On Monday, U.S. Treasury yields saw a slight increase as investors weighed the possibility of an end to the Federal Reserve’s interest-rate hiking cycle. At 3:31 a.m. ET, the 10-year Treasury yield was over three basis points higher at 4.4764%, up from the 4.379% low it briefly touched on Friday. The 2-year Treasury yield rose by less than one basis point to 4.9151%.
Investors have been considering the economic outlook and the monetary policy of the Federal Reserve, with hopes growing that the central bank is done hiking rates. Last week, both the producer and consumer price index came in lower than expected, suggesting that inflation is easing and the Fed’s interest rate hikes are having their desired effect of cooling the economy. With the Fed due to meet in December, expectations are for interest rates to remain unchanged, but investors are also pondering when the Fed will begin cutting rates, something that Fed officials have not addressed in detail yet.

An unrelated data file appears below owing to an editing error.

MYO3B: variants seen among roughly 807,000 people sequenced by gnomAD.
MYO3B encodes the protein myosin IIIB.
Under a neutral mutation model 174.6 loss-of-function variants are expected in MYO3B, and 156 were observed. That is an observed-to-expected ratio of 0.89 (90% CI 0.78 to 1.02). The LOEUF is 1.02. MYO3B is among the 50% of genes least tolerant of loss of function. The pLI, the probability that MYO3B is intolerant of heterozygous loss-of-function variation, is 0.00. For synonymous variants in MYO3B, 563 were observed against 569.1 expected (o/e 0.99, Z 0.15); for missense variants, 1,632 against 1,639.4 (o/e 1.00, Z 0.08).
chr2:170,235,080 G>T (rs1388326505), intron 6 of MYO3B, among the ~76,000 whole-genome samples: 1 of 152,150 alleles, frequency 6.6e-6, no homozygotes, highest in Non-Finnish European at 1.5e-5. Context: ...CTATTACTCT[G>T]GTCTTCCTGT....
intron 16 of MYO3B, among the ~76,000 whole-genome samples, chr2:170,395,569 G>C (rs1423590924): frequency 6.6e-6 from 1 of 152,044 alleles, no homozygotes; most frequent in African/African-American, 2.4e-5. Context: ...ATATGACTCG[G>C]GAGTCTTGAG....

This month, the Fed’s minutes from its last meeting will be released and could provide more insight into its considerations and expectations. Bond markets will have a shortened week as they will remain closed on Thanksgiving Day and close early on Friday for Christmas Eve celebrations.
It’s important to note that yields and prices move in opposite directions, and a basis point is equivalent to 0.01%. While yields may seem like small changes, they can significantly affect bond prices and impact broader financial markets.
Overall, investors continue to monitor economic data closely as they try to predict how much longer interest rates will stay high or when they may begin falling again.